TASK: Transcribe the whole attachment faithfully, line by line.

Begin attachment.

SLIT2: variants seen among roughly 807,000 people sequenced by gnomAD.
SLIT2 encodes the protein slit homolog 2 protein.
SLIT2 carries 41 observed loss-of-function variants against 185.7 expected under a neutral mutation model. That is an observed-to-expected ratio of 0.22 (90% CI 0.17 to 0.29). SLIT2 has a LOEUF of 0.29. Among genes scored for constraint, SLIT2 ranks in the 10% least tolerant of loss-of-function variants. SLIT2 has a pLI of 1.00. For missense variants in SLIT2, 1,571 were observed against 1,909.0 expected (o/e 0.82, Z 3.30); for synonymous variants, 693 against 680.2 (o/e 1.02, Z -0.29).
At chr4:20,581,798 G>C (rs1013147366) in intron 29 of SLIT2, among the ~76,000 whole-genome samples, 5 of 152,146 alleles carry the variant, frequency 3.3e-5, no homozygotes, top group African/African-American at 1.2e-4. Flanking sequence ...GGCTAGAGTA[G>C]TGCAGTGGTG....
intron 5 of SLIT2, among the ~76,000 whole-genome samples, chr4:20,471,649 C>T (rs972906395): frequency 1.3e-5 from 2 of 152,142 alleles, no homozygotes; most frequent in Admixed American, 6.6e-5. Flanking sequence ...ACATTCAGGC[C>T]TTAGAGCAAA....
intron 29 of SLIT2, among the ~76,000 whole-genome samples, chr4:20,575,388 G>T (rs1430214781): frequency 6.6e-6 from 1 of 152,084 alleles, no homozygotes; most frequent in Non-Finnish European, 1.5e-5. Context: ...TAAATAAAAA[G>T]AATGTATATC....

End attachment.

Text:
SLIT2: variants seen among roughly 807,000 people sequenced by gnomAD.
SLIT2 encodes the protein slit homolog 2 protein.
SLIT2 carries 41 observed loss-of-function variants against 185.7 expected under a neutral mutation model. That is an observed-to-expected ratio of 0.22 (90% CI 0.17 to 0.29). SLIT2 has a LOEUF of 0.29. Among genes scored for constraint, SLIT2 ranks in the 10% least tolerant of loss-of-function variants. SLIT2 has a pLI of 1.00. For missense variants in SLIT2, 1,571 were observed against 1,909.0 expected (o/e 0.82, Z 3.30); for synonymous variants, 693 against 680.2 (o/e 1.02, Z -0.29).
At chr4:20,581,798 G>C (rs1013147366) in intron 29 of SLIT2, among the ~76,000 whole-genome samples, 5 of 152,146 alleles carry the variant, frequency 3.3e-5, no homozygotes, top group African/African-American at 1.2e-4. Flanking sequence ...GGCTAGAGTA[G>C]TGCAGTGGTG....
intron 5 of SLIT2, among the ~76,000 whole-genome samples, chr4:20,471,649 C>T (rs972906395): frequency 1.3e-5 from 2 of 152,142 alleles, no homozygotes; most frequent in Admixed American, 6.6e-5. Flanking sequence ...ACATTCAGGC[C>T]TTAGAGCAAA....
intron 29 of SLIT2, among the ~76,000 whole-genome samples, chr4:20,575,388 G>T (rs1430214781): frequency 6.6e-6 from 1 of 152,084 alleles, no homozygotes; most frequent in Non-Finnish European, 1.5e-5. Context: ...TAAATAAAAA[G>T]AATGTATATC....